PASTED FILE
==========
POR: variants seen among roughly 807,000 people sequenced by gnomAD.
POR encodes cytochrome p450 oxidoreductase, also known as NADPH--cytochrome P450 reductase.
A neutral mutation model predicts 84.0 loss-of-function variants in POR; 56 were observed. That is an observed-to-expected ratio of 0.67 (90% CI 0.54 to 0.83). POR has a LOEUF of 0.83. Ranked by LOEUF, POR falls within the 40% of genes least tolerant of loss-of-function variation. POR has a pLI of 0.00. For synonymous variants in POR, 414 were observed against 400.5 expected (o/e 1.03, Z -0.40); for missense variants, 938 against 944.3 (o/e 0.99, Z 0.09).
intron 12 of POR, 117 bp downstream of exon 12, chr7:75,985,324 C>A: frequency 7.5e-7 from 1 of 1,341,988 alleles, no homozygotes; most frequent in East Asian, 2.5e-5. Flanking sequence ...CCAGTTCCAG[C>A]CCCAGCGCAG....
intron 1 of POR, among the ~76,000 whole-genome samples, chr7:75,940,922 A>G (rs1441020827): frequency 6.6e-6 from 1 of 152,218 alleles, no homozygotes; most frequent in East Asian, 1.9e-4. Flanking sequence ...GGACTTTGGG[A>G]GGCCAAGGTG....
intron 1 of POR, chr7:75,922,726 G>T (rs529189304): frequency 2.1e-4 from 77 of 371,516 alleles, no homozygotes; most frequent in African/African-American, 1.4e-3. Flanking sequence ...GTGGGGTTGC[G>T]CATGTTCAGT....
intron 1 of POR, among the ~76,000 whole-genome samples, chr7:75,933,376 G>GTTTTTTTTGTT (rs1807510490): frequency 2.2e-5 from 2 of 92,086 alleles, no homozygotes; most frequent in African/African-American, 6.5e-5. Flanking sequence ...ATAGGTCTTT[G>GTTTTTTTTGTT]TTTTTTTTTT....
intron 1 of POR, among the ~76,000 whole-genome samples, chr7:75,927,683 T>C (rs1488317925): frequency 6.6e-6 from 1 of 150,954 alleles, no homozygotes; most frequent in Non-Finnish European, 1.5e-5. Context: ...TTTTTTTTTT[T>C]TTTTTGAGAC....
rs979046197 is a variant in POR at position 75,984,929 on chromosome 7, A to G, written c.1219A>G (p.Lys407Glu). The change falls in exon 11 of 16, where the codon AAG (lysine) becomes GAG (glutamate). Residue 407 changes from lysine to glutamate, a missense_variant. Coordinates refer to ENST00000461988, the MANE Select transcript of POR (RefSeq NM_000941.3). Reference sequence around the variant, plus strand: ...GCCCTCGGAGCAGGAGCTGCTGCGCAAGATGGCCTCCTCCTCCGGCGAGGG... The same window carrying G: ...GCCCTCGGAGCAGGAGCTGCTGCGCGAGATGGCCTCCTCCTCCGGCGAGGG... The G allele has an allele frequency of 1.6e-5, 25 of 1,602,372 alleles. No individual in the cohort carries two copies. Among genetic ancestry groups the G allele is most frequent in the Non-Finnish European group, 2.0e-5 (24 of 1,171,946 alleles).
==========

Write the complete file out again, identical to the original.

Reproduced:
POR: variants seen among roughly 807,000 people sequenced by gnomAD.
POR encodes cytochrome p450 oxidoreductase, also known as NADPH--cytochrome P450 reductase.
A neutral mutation model predicts 84.0 loss-of-function variants in POR; 56 were observed. That is an observed-to-expected ratio of 0.67 (90% CI 0.54 to 0.83). POR has a LOEUF of 0.83. Ranked by LOEUF, POR falls within the 40% of genes least tolerant of loss-of-function variation. POR has a pLI of 0.00. For synonymous variants in POR, 414 were observed against 400.5 expected (o/e 1.03, Z -0.40); for missense variants, 938 against 944.3 (o/e 0.99, Z 0.09).
intron 12 of POR, 117 bp downstream of exon 12, chr7:75,985,324 C>A: frequency 7.5e-7 from 1 of 1,341,988 alleles, no homozygotes; most frequent in East Asian, 2.5e-5. Flanking sequence ...CCAGTTCCAG[C>A]CCCAGCGCAG....
intron 1 of POR, among the ~76,000 whole-genome samples, chr7:75,940,922 A>G (rs1441020827): frequency 6.6e-6 from 1 of 152,218 alleles, no homozygotes; most frequent in East Asian, 1.9e-4. Flanking sequence ...GGACTTTGGG[A>G]GGCCAAGGTG....
intron 1 of POR, chr7:75,922,726 G>T (rs529189304): frequency 2.1e-4 from 77 of 371,516 alleles, no homozygotes; most frequent in African/African-American, 1.4e-3. Flanking sequence ...GTGGGGTTGC[G>T]CATGTTCAGT....
intron 1 of POR, among the ~76,000 whole-genome samples, chr7:75,933,376 G>GTTTTTTTTGTT (rs1807510490): frequency 2.2e-5 from 2 of 92,086 alleles, no homozygotes; most frequent in African/African-American, 6.5e-5. Flanking sequence ...ATAGGTCTTT[G>GTTTTTTTTGTT]TTTTTTTTTT....
intron 1 of POR, among the ~76,000 whole-genome samples, chr7:75,927,683 T>C (rs1488317925): frequency 6.6e-6 from 1 of 150,954 alleles, no homozygotes; most frequent in Non-Finnish European, 1.5e-5. Context: ...TTTTTTTTTT[T>C]TTTTTGAGAC....
rs979046197 is a variant in POR at position 75,984,929 on chromosome 7, A to G, written c.1219A>G (p.Lys407Glu). The change falls in exon 11 of 16, where the codon AAG (lysine) becomes GAG (glutamate). Residue 407 changes from lysine to glutamate, a missense_variant. Coordinates refer to ENST00000461988, the MANE Select transcript of POR (RefSeq NM_000941.3). Reference sequence around the variant, plus strand: ...GCCCTCGGAGCAGGAGCTGCTGCGCAAGATGGCCTCCTCCTCCGGCGAGGG... The same window carrying G: ...GCCCTCGGAGCAGGAGCTGCTGCGCGAGATGGCCTCCTCCTCCGGCGAGGG... The G allele has an allele frequency of 1.6e-5, 25 of 1,602,372 alleles. No individual in the cohort carries two copies. Among genetic ancestry groups the G allele is most frequent in the Non-Finnish European group, 2.0e-5 (24 of 1,171,946 alleles).